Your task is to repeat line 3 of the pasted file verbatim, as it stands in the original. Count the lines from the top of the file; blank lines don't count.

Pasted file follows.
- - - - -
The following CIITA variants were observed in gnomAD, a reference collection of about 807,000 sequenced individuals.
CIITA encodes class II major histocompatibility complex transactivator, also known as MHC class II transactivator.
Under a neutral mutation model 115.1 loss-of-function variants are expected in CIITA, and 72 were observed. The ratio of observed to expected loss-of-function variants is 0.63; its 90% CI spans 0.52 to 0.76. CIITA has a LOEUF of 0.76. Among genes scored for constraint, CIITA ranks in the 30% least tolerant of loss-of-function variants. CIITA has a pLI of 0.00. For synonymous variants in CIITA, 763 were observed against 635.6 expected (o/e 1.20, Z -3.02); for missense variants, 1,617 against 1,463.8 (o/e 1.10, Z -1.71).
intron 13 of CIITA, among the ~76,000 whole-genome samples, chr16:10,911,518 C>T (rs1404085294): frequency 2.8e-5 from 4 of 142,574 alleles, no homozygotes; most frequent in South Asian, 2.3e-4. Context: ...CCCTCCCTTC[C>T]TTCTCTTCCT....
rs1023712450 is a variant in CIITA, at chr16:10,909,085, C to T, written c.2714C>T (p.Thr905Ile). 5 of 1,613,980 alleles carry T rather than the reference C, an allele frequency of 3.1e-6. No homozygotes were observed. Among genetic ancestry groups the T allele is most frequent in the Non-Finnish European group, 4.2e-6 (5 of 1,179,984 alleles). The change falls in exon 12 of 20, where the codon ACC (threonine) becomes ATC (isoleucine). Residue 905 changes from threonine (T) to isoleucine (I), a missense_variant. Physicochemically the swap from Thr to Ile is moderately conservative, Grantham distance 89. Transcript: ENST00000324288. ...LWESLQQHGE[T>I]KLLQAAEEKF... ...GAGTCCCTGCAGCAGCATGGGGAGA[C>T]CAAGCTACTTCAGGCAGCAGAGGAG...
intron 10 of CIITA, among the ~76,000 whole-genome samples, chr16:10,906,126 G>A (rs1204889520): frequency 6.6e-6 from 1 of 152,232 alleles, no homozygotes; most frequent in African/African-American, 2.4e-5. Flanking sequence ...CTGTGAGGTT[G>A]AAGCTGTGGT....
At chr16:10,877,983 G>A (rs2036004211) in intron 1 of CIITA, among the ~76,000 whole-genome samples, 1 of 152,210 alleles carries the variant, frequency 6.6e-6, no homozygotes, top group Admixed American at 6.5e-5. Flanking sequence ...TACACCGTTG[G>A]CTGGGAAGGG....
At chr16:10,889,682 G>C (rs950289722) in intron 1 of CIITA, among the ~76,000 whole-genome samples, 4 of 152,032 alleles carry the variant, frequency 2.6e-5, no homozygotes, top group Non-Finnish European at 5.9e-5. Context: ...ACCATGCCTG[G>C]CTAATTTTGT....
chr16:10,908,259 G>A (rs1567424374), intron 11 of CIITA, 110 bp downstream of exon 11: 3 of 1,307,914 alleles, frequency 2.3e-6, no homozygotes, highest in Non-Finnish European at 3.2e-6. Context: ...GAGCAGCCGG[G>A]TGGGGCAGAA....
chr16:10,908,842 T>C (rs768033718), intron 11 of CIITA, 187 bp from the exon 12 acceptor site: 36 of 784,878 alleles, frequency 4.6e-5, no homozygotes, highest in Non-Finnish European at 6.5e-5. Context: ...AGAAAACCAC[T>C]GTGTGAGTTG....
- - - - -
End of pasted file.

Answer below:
Under a neutral mutation model 115.1 loss-of-function variants are expected in CIITA, and 72 were observed. The ratio of observed to expected loss-of-function variants is 0.63; its 90% CI spans 0.52 to 0.76. CIITA has a LOEUF of 0.76. Among genes scored for constraint, CIITA ranks in the 30% least tolerant of loss-of-function variants. CIITA has a pLI of 0.00. For synonymous variants in CIITA, 763 were observed against 635.6 expected (o/e 1.20, Z -3.02); for missense variants, 1,617 against 1,463.8 (o/e 1.10, Z -1.71).